Friday, March 19, 2021

Jessabelle (USA, 2014)

(Spoilers.) Entitled Jessabelle instead of Jezebel so as not to be confused with the 1938 drama starring Bette Davis (trailer), the film for which Ms. Davis won her second Best Actress Oscar. Not! (The bit about the confusion, not the Oscar.)
Naw, the flick's entitled Jessabelle probably to make people think of the better Blumhouse flick of the same year, Annabelle (2014 / trailer), or simply 'cause it's one of the myriad of ways the name (meaning "Wicked, Wealthy, Beautiful") is spelt in the USA, a land where you're free to spell names any ol' way since most people can't really spell all that well anyway. And going by what transpires in this movie, some people can't write horror movies, either. 
Trailer to
A Deep South horror flick, Jessabelle, as directed by Kevin Greutert (Visions [2016 / trailer] and Jackals [2017 / trailer]), one of the progenitors of the dead-horse-flogging Saw franchise, and written by Robert Ben Garant (Hell Baby [2013 / trailer] and The Veil [2016 / trailer]), has enough plotholes that if it were a sieve your pasta would fall through it. The nicely nasty opening scene, in which the saccharine-sweet declarations of love between pregger Jessabelle "Jessie" Laurent (Sarah Snook of Predestination [2014 / trailer] and Brother's Nest [2018 / trailer]) and her daddy-to-be fiancé Mark (Brian Hallisay of Hostel III [2011 / trailer]) come to an abrupt car-crashing end is probably the most horrifyingly effective scene in the movie, and the ending is unexpectedly downbeat and thus commendable, but the problem lies in everything in between. (And that, if you get down to it, is roughly 85 minutes of the 90-minute running time.) The scares are generic and almost always expected, and should you actually start to question the developments in the narrative or the actions of the characters, you might find yourself scratching your head so hard that you reach your brain.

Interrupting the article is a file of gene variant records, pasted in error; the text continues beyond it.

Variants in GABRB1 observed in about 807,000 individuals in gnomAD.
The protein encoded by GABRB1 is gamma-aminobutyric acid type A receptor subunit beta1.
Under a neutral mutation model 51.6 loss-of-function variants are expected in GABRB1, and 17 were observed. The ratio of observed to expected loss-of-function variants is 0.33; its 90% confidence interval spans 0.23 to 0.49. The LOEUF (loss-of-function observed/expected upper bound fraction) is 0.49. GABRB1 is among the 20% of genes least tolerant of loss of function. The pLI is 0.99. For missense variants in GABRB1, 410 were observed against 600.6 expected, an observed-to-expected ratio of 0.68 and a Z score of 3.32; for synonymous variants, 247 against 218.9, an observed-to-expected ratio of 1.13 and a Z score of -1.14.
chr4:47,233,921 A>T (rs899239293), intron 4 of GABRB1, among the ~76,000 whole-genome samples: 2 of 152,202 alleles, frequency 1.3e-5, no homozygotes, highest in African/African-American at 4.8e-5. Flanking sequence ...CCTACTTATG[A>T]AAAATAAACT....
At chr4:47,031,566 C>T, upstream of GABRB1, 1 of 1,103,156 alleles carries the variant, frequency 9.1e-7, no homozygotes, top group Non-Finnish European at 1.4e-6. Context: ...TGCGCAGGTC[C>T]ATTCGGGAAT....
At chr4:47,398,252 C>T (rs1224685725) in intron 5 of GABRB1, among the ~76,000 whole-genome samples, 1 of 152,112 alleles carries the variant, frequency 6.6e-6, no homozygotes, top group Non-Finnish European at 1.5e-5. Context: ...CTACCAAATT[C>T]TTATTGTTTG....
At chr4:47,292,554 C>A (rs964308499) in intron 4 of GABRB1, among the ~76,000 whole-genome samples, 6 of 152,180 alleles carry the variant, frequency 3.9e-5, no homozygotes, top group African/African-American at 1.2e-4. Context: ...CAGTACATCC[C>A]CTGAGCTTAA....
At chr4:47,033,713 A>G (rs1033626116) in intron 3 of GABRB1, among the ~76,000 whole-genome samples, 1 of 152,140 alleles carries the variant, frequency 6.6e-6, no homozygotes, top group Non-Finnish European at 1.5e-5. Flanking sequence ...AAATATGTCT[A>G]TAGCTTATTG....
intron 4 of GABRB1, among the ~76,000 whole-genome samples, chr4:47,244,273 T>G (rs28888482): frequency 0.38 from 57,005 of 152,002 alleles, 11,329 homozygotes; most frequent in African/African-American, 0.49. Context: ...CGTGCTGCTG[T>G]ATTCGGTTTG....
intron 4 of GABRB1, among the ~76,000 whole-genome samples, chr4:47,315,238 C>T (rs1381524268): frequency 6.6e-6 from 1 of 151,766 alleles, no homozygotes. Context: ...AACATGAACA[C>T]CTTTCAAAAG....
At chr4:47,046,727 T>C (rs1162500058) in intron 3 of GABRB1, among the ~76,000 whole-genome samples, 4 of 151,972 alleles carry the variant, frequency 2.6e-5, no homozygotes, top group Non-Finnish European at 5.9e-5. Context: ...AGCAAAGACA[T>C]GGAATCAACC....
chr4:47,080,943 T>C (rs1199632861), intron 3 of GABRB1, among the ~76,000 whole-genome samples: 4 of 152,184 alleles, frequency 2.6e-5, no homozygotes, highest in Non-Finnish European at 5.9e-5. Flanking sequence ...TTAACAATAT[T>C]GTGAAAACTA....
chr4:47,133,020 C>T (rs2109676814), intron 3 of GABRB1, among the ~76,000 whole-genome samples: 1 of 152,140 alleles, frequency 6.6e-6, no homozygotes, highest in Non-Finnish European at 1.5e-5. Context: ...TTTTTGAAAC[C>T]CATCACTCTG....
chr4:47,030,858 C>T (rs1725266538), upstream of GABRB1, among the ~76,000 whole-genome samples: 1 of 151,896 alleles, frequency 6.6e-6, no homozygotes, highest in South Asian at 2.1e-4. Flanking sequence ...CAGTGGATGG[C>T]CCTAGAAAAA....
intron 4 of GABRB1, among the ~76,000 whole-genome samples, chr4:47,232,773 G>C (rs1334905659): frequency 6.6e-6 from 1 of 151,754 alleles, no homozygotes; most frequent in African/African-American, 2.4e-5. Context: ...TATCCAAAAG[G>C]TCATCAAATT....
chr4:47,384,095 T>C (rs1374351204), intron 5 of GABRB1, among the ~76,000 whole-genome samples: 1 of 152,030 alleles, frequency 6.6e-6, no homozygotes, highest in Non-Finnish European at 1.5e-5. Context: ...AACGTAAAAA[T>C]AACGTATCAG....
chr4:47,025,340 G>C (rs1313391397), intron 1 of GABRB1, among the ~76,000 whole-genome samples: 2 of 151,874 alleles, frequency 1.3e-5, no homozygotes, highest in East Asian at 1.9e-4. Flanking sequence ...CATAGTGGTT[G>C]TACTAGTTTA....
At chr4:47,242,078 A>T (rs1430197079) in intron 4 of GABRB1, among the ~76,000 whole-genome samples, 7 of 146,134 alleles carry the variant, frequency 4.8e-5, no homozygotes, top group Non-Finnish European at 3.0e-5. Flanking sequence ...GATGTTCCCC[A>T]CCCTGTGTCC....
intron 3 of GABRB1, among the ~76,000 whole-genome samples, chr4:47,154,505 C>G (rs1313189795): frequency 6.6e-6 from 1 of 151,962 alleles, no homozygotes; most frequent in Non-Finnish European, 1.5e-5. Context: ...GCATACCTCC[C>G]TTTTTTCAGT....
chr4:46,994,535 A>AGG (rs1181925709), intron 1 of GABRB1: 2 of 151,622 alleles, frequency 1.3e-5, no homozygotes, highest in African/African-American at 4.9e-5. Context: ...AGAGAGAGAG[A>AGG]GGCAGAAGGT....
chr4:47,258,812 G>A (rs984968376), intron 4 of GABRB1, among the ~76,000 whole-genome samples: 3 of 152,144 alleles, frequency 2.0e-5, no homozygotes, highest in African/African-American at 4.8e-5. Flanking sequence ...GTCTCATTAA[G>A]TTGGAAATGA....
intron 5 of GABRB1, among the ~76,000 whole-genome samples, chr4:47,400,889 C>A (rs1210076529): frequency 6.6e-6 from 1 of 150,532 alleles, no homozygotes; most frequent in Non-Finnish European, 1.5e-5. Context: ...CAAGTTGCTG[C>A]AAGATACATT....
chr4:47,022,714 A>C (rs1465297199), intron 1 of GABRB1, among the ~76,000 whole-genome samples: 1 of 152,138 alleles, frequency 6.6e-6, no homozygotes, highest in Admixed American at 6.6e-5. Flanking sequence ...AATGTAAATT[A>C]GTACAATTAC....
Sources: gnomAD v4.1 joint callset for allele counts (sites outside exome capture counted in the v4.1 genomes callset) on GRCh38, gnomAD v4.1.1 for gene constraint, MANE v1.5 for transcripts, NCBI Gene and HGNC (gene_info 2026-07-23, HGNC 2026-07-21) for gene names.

The basic premise of a young woman who has lost everything and is now stuck in a wheelchair returning home to a father she hardly knows only to be confronted with ghosts of the past is, well, as much a realistically horrifying idea as it is the fodder of TV movies, which this film sometimes feels like. Here, of course, since it's a horror movie, the ghosts of the past are not of a figuratively speaking kind, but real spirits in the night (and day, actually). The concept that ghosts age, however, is pretty bat-shit out there — does that mean they grow old and die, eventually? (Where do dead ghosts go, we wonder.) But aging ghosts is a peripheral (and never mentioned) aspect of the tale told in this movie: a murdered, mixed-race baby born the same day as white-gal Jessie obviously has aged year for year within the walls of Jessie's dad's home and in the waters of the adjacent lake, matching Jessie's growth in the corporal world.
Oddly enough, however, going by how they look when they finally appear in the final scenes of the flick, the ghosts of Jessie's "mom" Kate (Joelle Carter of Cold Storage [2009 / trailer]) and Kate's former Afro-American lover Moses (Vaughn Wilson) don't age a day in the afterlife. Not only that, Moses the Ghost can obviously teleport, for he is the only ghost to appear far away from the location where he died, rather unlike the now young-adult Dead Girl with unnaturally immobile boobs (Amber Stevens West, seen below not from the film), who can take solid enough physical form to beat the shit out of Mr. Former Hometown Boyfriend Preston (Mark Weber of 13 Sins [2014 / trailer], Uncanny [2015 / trailer], Green Room [2015 / trailer] and Antibirth [2016 / trailer]) but keeps her appearances only to the backwater homestead. (Of course, could all the ghosts of the flick teleport like Moses, then Jessie would never have to had come home to start experiencing the supernatural.)